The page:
How is the examination developed?
NCIDQ works with a professional testing company that specializes in the development of certification and licensure examinations to develop, administer and score the examination. NCIDQ carefully documents each step in the test-development process. Multiple reviews by subject-matter and testing experts strengthen the validity of the examination. Continuous evaluation of the examination's quality and reliability maintains the validity of the examination as a measure of knowledge and skill in interior design.
Review the Exam Development page for details.
What is covered on the exam?
The exam covers a broad range of knowledge and skills interior designers use in their daily practice. The exam tests only knowledge and skills that protect public health, life safety and welfare; it does not test knowledge that is not critical to public safety, such as design history and furniture styles.
Review the Exam Content page for details.
How many sections are there on the exam?
There are two multiple-choice sections (half-day each) and one practicum section (full day). You must pass all of them to complete the exam.
Is the exam offered in paper-and-pencil or computer format?
The exam is offered in paper-and-pencil format only.
Can I take Section 3 (Practicum) on a computer using drafting software?
No. Section 3 (Practicum) is offered as a paper-and-pencil exam only. The paper-and-pencil format provides a level playing field for all candidates, some of whom do not have access to drafting software in their daily practice.
Is passage of the NCIDQ Examination a requirement of interior design licensing statutes?
Yes. The NCIDQ Examination is recognized in the United States and Canada as the qualifying examination for the interior design profession. As such, states and provinces with registration (licensing) statutes have stipulated, among license eligibility criteria, successful completion of the NCIDQ Examination.
How often does NCIDQ update its examination?
The multiple-choice sections are updated with new questions for each exam. New practicum exercises are given on each exam. The underlying "blueprint" of subject areas covered on the exam is updated approximately every five years to reflect changes in interior design practice.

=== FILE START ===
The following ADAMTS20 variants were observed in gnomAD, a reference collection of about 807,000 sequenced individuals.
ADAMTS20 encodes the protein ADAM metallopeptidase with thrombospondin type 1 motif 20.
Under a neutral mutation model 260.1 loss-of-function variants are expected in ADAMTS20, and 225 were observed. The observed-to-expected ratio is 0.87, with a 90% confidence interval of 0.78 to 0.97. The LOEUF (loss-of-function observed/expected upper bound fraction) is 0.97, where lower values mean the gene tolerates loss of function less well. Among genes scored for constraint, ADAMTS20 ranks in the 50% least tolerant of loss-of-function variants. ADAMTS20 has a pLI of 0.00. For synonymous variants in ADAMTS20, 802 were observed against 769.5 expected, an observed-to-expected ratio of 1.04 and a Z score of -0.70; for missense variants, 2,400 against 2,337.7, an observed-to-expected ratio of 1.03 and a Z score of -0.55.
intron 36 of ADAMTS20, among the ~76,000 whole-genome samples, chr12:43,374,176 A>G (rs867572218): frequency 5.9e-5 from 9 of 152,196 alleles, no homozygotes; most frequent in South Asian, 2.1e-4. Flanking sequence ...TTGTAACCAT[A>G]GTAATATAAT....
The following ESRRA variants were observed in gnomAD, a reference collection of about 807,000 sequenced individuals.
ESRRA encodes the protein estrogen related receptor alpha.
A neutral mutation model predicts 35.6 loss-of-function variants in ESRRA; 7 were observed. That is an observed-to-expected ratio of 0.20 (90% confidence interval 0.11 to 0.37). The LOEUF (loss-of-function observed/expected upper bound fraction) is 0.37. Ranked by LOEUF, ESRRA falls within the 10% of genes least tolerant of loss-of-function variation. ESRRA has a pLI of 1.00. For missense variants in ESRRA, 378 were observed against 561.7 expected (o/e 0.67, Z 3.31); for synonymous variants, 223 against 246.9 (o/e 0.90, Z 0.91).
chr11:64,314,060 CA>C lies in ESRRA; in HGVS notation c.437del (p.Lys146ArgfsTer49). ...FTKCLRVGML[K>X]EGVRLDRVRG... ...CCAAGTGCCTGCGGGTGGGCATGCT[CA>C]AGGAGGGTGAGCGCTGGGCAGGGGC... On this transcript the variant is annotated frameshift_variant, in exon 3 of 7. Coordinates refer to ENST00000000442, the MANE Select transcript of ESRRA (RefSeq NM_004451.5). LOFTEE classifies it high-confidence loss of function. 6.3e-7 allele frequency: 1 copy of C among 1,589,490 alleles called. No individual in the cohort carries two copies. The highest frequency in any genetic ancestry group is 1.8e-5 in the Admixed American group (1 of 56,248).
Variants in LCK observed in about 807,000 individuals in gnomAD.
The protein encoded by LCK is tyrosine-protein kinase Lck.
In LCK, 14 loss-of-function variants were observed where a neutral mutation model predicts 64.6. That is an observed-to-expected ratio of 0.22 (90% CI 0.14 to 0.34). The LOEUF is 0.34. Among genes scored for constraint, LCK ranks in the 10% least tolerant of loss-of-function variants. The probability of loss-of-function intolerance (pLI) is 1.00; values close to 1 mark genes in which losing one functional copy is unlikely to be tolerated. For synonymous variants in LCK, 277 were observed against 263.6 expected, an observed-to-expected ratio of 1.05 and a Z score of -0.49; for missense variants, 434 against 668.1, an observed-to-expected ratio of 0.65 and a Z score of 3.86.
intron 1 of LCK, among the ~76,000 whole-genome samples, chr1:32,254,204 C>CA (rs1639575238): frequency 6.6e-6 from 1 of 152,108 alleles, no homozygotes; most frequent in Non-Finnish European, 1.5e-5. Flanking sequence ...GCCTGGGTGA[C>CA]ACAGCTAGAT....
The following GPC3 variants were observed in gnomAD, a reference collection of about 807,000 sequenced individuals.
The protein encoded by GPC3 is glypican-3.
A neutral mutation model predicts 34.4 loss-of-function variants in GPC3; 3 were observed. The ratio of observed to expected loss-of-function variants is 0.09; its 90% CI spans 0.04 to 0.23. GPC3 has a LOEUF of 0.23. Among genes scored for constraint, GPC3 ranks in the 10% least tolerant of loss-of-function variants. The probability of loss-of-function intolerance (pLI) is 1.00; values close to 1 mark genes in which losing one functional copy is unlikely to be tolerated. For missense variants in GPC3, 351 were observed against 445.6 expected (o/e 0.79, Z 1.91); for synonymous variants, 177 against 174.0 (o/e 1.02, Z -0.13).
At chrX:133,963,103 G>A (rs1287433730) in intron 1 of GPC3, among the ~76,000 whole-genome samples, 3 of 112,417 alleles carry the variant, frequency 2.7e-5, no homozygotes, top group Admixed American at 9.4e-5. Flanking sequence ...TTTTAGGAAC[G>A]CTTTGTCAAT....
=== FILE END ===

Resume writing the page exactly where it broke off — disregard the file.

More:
What is the cost of the NCIDQ Examination?
Click here to see current exam fees. All prices are in U.S. dollars and are subject to change.
I passed some sections of the old exam before it changed. Can I apply credit from those sections toward the current exam?
No. You must pay for and pass all three sections of the current NCIDQ Exam to complete the exam and receive the NCIDQ Certificate. Certification and licensure examinations represent to the public that the individuals who hold their credential have been determined to be at least minimally competent at the time the credential was issued. When candidates are allowed to take individual test sections over many years or decades, it is harder to claim that at one point in time these individuals possessed all of the knowledge, skills and abilities required for minimum entry-level competence. There are no exceptions to this policy.
Is there a time limit on how long I have to take the exam?
Yes. You must pass all sections of the examination within a five-year window or retake any sections you have not passed.
If you started taking the exam in 2009 or earlier, you must complete all sections by the end of 2014. At that time, any scores more than five years old will be voided, and you must retake those sections.
If you started taking the exam in 2010 or later, you must complete all sections within five years. Scores more than five years old will be voided, and you must retake those sections.
Read more here.
I am starting school this semester to pursue an interior design degree. Can you tell me what courses will be accepted toward my eligibility?
NCIDQ does not pre-approve courses on candidate transcripts. We are looking for well-rounded interior-design-related curriculum.
What are the eligibility requirements to take the NCIDQ Examination?
Candidates for the NCIDQ Examination must meet education and work experience qualifications. NCIDQ provides candidates with six suggested routes—combinations of education and experience—to determine when they are eligible to apply for the exam.
Click here to view the NCIDQ eligibility routes.
I have a Council for Interior Design Accreditation (CIDA) degree but my program only required 116 hours to graduate. Do I have to take more classes to meet your education requirement?
No. If you graduated from a program accredited by CIDA, you have met the NCIDQ education requirements, regardless of the number of hours your program required. Your program must have been CIDA accredited within two years of your graduation.
Can I take the exam even if I don’t have a degree accredited by the Council for Interior Design Accreditation (CIDA)?
Yes, but if you plan to work in a regulated jurisdiction, you should check your board’s requirements—which may differ from NCIDQ’s.
Can I use distance learning to satisfy the education requirements for the exam?
Distance learning is acceptable, provided that the institution meets our requirements.